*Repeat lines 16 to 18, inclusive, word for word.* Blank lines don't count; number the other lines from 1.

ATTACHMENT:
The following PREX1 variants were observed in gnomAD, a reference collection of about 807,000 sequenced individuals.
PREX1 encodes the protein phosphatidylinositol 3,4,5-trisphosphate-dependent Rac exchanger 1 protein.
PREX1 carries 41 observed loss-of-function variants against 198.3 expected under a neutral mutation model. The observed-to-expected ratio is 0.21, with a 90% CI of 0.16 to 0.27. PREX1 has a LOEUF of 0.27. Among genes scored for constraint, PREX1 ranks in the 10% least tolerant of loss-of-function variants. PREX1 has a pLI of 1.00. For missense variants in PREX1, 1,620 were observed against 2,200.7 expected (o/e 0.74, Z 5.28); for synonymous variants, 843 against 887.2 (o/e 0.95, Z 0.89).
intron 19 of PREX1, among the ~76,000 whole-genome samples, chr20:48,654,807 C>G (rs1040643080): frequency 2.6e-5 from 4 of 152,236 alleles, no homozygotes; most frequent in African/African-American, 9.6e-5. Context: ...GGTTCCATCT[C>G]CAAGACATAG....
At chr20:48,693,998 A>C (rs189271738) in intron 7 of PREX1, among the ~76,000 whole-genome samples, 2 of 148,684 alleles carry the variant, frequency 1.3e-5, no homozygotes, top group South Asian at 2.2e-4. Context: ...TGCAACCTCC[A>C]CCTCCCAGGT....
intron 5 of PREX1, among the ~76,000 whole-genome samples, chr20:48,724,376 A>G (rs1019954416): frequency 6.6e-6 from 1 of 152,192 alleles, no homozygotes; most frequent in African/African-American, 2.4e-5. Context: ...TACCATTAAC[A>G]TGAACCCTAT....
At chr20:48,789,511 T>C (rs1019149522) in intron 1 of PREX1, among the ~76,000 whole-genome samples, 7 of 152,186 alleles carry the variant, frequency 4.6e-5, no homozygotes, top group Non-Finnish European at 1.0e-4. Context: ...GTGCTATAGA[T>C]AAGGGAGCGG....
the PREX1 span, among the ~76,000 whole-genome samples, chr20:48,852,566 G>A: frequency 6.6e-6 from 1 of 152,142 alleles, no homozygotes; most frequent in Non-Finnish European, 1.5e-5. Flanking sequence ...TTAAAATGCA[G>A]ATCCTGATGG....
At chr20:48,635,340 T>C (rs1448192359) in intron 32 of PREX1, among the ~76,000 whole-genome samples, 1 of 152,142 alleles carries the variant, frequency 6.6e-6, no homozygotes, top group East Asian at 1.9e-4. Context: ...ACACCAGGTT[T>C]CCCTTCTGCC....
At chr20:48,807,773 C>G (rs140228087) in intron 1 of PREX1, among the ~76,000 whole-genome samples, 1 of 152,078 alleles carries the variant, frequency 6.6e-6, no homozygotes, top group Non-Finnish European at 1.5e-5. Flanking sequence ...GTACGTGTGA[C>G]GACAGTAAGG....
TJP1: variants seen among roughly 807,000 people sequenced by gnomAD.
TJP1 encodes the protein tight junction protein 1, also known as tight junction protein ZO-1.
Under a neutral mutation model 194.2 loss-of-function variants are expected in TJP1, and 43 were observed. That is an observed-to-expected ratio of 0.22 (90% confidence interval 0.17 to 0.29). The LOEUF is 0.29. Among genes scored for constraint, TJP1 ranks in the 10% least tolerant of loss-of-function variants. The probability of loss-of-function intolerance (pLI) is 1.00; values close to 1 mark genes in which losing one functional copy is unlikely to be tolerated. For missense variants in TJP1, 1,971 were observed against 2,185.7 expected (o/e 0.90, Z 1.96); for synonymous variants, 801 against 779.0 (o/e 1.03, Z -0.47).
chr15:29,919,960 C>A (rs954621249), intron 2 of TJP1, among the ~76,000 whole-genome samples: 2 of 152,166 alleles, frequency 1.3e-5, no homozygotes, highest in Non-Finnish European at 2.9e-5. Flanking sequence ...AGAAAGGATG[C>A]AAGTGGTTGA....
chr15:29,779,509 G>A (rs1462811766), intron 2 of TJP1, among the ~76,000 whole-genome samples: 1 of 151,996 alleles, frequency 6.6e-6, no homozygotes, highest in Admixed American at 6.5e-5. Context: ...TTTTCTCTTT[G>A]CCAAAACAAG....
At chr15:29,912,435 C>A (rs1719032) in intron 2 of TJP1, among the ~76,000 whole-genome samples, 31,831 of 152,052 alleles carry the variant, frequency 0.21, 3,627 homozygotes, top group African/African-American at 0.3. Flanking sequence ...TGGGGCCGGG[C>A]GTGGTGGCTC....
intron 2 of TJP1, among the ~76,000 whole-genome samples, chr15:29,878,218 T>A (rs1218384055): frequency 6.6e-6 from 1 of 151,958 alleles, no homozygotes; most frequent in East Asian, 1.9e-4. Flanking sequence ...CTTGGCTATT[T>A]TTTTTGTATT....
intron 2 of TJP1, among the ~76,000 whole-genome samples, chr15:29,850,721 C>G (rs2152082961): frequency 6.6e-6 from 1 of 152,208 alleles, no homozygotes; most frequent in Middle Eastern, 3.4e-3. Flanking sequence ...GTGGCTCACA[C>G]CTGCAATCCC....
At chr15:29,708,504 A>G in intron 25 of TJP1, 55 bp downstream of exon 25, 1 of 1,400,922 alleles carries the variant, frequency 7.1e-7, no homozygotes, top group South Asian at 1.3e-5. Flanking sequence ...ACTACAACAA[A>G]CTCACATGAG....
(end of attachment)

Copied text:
At chr15:29,912,435 C>A (rs1719032) in intron 2 of TJP1, among the ~76,000 whole-genome samples, 31,831 of 152,052 alleles carry the variant, frequency 0.21, 3,627 homozygotes, top group African/African-American at 0.3. Flanking sequence ...TGGGGCCGGG[C>A]GTGGTGGCTC....
intron 2 of TJP1, among the ~76,000 whole-genome samples, chr15:29,878,218 T>A (rs1218384055): frequency 6.6e-6 from 1 of 151,958 alleles, no homozygotes; most frequent in East Asian, 1.9e-4. Flanking sequence ...CTTGGCTATT[T>A]TTTTTGTATT....
intron 2 of TJP1, among the ~76,000 whole-genome samples, chr15:29,850,721 C>G (rs2152082961): frequency 6.6e-6 from 1 of 152,208 alleles, no homozygotes; most frequent in Middle Eastern, 3.4e-3. Flanking sequence ...GTGGCTCACA[C>G]CTGCAATCCC....